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and all have gills for breathing the air contained in the water. Tiphobia horei is certainly like nothing in the earth or in the waters under the earth: that it has no proper epidermis shows, I think, that the waters of the lake must be very pure from any kind of free acid. Neothauma tanganyicense is like a Paludina, but its size and lengthened anterior canal remind one of shells from North America. Limnotrochus Kirki is the greatest gem of all. It seems to mimic Echinella, a marine littoral form, and figuratively is miles away from any known fresh-water species. Melania horei is a world-wide form, selected because it is so like a shell I found in the Fountain of Elisha. Paramelania damonis is a beautiful shell, quite marine in its aspect. Melania admirabilis, has been so called, I suppose, because, being a vegetable feeder, it looks so like an animal feeder. Lastly, Melania nassa is, if I may so say, absurdly like some well-known forms of Nassa, sea-shells and animal feeders. Not a true air-breathing fresh-water species, like our pond-snails, was in the list, though plenty of true air-breathing land-shells were found on the shores of the lake.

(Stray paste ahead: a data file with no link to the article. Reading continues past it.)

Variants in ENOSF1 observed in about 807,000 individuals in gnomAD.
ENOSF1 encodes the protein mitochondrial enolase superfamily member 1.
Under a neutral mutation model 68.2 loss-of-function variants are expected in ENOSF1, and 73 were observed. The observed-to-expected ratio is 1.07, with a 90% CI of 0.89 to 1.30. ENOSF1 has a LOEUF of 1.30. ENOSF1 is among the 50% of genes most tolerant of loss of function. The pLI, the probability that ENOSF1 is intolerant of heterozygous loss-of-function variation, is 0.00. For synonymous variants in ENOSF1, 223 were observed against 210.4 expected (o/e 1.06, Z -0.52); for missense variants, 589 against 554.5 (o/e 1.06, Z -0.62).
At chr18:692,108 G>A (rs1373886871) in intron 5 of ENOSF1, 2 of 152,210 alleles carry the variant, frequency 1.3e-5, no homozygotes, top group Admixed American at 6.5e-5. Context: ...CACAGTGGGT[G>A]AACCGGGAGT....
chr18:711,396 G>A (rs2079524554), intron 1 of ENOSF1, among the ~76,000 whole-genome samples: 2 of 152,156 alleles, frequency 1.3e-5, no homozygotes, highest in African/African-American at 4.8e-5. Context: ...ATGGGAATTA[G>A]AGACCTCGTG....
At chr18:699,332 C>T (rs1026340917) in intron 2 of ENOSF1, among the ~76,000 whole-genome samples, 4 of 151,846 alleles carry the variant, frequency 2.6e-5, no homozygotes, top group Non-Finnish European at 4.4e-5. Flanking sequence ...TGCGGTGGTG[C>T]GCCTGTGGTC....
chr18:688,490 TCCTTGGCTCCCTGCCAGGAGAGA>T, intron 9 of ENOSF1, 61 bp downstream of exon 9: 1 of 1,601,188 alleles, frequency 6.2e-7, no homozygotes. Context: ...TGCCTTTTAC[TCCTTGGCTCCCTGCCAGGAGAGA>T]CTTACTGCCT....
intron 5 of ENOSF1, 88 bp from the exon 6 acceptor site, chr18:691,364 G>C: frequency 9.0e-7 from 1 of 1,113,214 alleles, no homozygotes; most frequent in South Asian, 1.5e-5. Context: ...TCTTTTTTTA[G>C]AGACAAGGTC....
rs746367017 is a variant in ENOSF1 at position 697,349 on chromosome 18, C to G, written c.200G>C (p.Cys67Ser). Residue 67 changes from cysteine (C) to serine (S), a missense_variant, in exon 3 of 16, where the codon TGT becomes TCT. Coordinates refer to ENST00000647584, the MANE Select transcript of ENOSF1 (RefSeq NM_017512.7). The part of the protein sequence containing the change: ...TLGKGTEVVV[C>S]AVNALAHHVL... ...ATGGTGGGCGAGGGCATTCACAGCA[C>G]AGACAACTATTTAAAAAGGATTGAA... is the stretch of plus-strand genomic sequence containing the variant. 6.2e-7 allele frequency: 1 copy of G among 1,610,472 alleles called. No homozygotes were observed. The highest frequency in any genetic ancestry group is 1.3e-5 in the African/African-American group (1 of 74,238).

How strange this tendency to the imitation of marine forms, in the very heart of Africa! Are they vestiges of a time when Africa was submerged, and sharks and whales swam over the spot where Ujiji now stands; and, as the land rose, and the waters drained away, did the ancient seashells, the Nassæ and Littorinæ, accommodate themselves to less and less of salt in their surrounding element, the former of these, moreover, adopting a vegetable diet; the animals losing their long necks, and their shells becoming rounded in front? If so, we have mollusca placed in one genus, which, in their pedigree, were wide asunder—a converging instead of a diverging pedigree! But, in this case, what becomes of the dogma of monophyletic descent? Or we may suppose that these wonderful shells are the representatives of